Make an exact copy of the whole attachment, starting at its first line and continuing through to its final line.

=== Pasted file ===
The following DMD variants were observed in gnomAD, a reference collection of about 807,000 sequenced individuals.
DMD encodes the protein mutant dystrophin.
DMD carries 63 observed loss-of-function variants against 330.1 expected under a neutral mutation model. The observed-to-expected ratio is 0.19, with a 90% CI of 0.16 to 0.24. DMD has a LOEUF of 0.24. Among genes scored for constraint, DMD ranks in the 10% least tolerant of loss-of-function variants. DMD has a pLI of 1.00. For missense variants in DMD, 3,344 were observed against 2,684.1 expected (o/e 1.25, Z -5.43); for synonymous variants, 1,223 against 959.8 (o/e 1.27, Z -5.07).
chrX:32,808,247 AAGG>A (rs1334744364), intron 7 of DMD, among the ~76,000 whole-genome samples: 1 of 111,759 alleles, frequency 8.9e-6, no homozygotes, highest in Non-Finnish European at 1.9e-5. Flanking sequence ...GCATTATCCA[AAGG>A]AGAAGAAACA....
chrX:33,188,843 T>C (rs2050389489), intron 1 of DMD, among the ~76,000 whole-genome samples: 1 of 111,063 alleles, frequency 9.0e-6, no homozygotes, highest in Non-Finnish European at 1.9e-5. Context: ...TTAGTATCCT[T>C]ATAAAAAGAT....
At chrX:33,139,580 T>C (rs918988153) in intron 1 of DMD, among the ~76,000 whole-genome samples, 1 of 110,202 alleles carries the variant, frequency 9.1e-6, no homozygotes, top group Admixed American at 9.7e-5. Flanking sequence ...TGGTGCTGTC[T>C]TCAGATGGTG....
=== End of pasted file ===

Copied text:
The following DMD variants were observed in gnomAD, a reference collection of about 807,000 sequenced individuals.
DMD encodes the protein mutant dystrophin.
DMD carries 63 observed loss-of-function variants against 330.1 expected under a neutral mutation model. The observed-to-expected ratio is 0.19, with a 90% CI of 0.16 to 0.24. DMD has a LOEUF of 0.24. Among genes scored for constraint, DMD ranks in the 10% least tolerant of loss-of-function variants. DMD has a pLI of 1.00. For missense variants in DMD, 3,344 were observed against 2,684.1 expected (o/e 1.25, Z -5.43); for synonymous variants, 1,223 against 959.8 (o/e 1.27, Z -5.07).
chrX:32,808,247 AAGG>A (rs1334744364), intron 7 of DMD, among the ~76,000 whole-genome samples: 1 of 111,759 alleles, frequency 8.9e-6, no homozygotes, highest in Non-Finnish European at 1.9e-5. Flanking sequence ...GCATTATCCA[AAGG>A]AGAAGAAACA....
chrX:33,188,843 T>C (rs2050389489), intron 1 of DMD, among the ~76,000 whole-genome samples: 1 of 111,063 alleles, frequency 9.0e-6, no homozygotes, highest in Non-Finnish European at 1.9e-5. Context: ...TTAGTATCCT[T>C]ATAAAAAGAT....
At chrX:33,139,580 T>C (rs918988153) in intron 1 of DMD, among the ~76,000 whole-genome samples, 1 of 110,202 alleles carries the variant, frequency 9.1e-6, no homozygotes, top group Admixed American at 9.7e-5. Flanking sequence ...TGGTGCTGTC[T>C]TCAGATGGTG....